Academics Identify 12 Distinct Subtypes of Depression

Rear-view of three senior men sitting on a bench. The man on the right has a hand on the middle person's shoulder.Depression is not a single diagnosis, according to an article published in Brain, Behavior, and Immunity. Instead, depression falls into 12 distinct subtypes, each of which may require different treatment approaches.

The article draws upon principles of evolutionary psychology. Evolutionary psychology draws on human evolution to better understand mental health. For instance, an evolutionary psychologist may use assumptions about humans’ evolutionary environment to understand how a person’s current lifestyle conflicts with their evolved needs. This field of psychology also tries to understand why some mental health conditions might have evolved. Evolutionary psychology often treats mental health conditions by trying to bridge the gap between a person’s evolved needs and their environment.

The paper’s authors claim some forms of depression might be adaptive in the right environment. For instance, depression due to loneliness may cause people to seek out human contact. But when evolutionary responses don’t match a person’s current needs, clinical depression may result.

Is Depression Actually a Group of Diagnoses?

The paper’s authors argue depression presents differently depending on its cause. They identify 12 subtypes of depression caused by:

1. Depression due to infection, when the body’s efforts to fight an illness cause symptoms such as sleep problems, difficulty concentrating, and appetite loss.

2. Depression due to long-term stress, which can activate the immune system and trigger inflammation.

3. Depression due to loneliness or isolation.

4. Depression due to a traumatic experience such as a sexual assault.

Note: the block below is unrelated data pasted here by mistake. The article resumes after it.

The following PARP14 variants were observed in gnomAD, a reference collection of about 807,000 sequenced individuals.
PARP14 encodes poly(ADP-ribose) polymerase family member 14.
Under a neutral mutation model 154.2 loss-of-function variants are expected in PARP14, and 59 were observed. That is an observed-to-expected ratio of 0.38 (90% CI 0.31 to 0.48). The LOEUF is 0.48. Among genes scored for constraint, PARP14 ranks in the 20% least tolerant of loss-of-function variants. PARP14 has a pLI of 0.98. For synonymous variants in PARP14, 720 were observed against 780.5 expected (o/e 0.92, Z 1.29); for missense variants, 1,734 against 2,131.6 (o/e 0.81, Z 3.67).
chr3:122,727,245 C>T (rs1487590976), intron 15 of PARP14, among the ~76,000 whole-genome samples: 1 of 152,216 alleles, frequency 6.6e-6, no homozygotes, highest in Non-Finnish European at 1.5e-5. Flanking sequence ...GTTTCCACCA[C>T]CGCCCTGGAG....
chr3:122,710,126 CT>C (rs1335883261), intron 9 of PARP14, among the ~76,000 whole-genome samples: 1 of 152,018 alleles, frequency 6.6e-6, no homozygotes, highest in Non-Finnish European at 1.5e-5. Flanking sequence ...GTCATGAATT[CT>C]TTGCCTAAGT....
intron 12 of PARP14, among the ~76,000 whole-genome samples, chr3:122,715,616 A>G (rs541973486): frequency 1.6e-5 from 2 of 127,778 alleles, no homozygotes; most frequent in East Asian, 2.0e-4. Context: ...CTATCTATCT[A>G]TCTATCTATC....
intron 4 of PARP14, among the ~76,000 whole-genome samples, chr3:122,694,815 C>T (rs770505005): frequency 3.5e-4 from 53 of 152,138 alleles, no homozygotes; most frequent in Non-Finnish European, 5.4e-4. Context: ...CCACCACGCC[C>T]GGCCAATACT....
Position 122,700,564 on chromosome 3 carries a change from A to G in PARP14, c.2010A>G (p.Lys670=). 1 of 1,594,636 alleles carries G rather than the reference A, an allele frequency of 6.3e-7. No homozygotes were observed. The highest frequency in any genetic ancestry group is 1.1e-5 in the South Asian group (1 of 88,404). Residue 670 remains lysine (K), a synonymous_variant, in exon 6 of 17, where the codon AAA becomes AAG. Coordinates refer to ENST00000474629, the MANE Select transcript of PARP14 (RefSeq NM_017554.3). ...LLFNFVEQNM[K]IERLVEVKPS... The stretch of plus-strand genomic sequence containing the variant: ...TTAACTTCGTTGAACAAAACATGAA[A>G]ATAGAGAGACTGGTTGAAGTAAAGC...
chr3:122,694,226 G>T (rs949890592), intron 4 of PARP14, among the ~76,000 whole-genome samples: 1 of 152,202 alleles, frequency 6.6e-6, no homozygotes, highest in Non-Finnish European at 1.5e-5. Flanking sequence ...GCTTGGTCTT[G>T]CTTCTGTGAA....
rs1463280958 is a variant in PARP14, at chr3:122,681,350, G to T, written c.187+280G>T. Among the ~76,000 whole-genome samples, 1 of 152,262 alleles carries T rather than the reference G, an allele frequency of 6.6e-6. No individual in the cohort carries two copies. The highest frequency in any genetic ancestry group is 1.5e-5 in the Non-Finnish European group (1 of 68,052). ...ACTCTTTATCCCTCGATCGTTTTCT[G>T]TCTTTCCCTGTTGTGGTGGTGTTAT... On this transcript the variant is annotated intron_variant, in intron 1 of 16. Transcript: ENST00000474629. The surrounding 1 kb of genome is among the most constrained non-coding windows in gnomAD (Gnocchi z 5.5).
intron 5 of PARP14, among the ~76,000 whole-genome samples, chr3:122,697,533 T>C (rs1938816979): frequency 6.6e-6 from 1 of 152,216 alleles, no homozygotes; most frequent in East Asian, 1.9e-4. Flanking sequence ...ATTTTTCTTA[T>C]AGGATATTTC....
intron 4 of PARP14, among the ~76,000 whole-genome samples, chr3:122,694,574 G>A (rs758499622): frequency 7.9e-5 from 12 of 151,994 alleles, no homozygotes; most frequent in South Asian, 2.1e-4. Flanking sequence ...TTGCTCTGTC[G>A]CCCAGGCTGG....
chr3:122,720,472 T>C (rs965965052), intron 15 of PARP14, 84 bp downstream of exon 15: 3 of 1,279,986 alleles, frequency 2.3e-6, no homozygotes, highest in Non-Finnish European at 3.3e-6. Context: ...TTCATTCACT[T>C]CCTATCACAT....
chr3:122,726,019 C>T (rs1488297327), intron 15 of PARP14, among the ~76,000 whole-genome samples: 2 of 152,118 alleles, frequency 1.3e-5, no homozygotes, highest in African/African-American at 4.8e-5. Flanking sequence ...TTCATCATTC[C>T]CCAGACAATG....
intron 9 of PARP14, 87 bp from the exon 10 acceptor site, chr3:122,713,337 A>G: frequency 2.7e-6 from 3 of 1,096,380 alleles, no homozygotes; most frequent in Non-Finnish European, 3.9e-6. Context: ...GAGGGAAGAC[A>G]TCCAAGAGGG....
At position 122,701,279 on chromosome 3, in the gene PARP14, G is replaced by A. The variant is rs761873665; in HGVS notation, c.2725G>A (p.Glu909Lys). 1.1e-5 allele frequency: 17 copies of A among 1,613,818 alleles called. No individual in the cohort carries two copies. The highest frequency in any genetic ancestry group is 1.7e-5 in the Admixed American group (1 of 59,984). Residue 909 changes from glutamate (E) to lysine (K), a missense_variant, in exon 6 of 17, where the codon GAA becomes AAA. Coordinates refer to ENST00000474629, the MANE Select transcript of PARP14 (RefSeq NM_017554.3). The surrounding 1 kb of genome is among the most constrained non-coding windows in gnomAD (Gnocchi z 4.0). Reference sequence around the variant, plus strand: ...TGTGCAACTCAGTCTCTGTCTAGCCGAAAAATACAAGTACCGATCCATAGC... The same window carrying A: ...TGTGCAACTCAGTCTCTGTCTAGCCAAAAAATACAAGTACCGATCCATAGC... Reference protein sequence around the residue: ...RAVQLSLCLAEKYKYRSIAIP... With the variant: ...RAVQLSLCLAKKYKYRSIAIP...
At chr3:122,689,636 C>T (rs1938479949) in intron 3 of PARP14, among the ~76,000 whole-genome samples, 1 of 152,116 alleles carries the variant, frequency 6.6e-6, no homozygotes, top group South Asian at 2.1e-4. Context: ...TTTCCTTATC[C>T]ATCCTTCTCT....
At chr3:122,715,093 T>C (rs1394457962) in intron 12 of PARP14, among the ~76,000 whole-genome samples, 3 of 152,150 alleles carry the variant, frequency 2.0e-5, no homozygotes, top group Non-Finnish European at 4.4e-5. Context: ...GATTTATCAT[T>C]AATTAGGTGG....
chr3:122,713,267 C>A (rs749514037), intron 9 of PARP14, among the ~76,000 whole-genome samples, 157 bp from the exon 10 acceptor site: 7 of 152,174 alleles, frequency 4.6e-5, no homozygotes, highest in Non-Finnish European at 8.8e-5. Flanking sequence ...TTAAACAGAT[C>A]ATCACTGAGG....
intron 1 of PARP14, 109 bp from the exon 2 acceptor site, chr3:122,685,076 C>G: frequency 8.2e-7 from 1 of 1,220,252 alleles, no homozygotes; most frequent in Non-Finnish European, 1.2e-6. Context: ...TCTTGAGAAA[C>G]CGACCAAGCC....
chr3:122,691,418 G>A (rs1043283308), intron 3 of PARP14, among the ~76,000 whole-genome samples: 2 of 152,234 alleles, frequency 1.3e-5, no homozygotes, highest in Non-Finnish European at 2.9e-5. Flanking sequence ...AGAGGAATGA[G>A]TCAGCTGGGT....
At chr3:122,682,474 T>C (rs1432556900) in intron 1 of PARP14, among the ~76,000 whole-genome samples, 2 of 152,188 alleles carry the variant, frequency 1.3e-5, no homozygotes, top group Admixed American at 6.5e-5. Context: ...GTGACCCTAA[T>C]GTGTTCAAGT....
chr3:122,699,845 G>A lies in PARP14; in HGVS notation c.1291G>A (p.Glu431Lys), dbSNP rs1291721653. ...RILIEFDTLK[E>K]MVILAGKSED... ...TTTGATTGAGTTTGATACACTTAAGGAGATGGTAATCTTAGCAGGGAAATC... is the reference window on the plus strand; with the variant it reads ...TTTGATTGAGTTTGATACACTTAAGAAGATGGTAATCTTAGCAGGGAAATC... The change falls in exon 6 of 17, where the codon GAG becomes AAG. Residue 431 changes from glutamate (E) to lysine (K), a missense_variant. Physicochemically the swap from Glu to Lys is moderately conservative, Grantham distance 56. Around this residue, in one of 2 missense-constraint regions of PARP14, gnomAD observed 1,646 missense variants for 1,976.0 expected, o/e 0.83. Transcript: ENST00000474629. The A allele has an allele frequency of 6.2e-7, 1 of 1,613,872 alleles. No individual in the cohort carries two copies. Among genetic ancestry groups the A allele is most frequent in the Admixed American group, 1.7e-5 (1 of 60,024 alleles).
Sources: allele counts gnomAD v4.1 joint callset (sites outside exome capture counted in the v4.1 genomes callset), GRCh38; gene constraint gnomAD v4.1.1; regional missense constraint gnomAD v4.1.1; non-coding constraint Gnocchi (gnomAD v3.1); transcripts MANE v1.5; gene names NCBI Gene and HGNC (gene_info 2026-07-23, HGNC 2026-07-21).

5. Depression due to “hierarchy conflict.” Unemployment, bullying, and other experiences that make a person question their social value can cause this type of depression.

6. Depression due to grief or loss.

7. Depression due to romantic rejection such as a divorce.

8. Depression due to “postpartum events,” including both hormonal shifts and lifestyle changes.

9. Seasonal depression, known also as seasonal affective disorder (SAD). People with this type of depression experience symptoms at the same time each year, usually during the winter months.

10. Depression due to drugs such as alcohol or cocaine.

11. Depression due to brain conditions such as migraines, epilepsy, Alzheimer’s, or Parkinson’s.

12. Depression due to starvation, which can alter mood and cause people to socially withdraw.

Treating Different Types of Depression

The paper argues different types of depression demand distinct treatments. This might explain why treatment that works very well for one person doesn’t affect someone else. It could also explain why some depression treatments stop working, since the type of depression a person has may change. By addressing the underlying cause of depression, mental health practitioners may offer more effective treatment.

The authors did not test any specific treatment protocol or use a controlled experiment to test for different types of depression. Future research could offer more insight by analyzing type-based depression treatment or comparing one subtype of depression to another.

References:

  1. Rantala, M. J., Luoto, S., Krams, I., & Karlsson, H. (2017). Depression subtyping based on evolutionary psychiatry: Proximate mechanisms and ultimate functions. Brain, Behavior, and Immunity. doi:10.1016/j.bbi.2017.10.012
  2. Wiggins, A. (2017, November 2). Academics see better treatment options after finding 12 subtypes of depression. New Zealand Herald. Retrieved from http://www.nzherald.co.nz/nz/news/article.cfm?c_id=1&objectid=11939789

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  • 2 comments
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  • Ryan W

    Ryan W

    February 1st, 2018 at 8:03 AM

    In my therapy practice, I describe this process as finding out who you want to create being. Creating being indicates that there are many choices in how we do relationships and that it’s an essentially creative process. I help patients figure out who they want to create being by offering up three or four options of how things could be different–not as the “right” answers per se, but to show that there are lots of ways of being and thinking. This offers a wide-lens view of the range of choices in moving forward, rather than a limited binary.

  • Debbie

    Debbie

    February 2nd, 2018 at 9:46 AM

    Can a person have more than one type at the same time?

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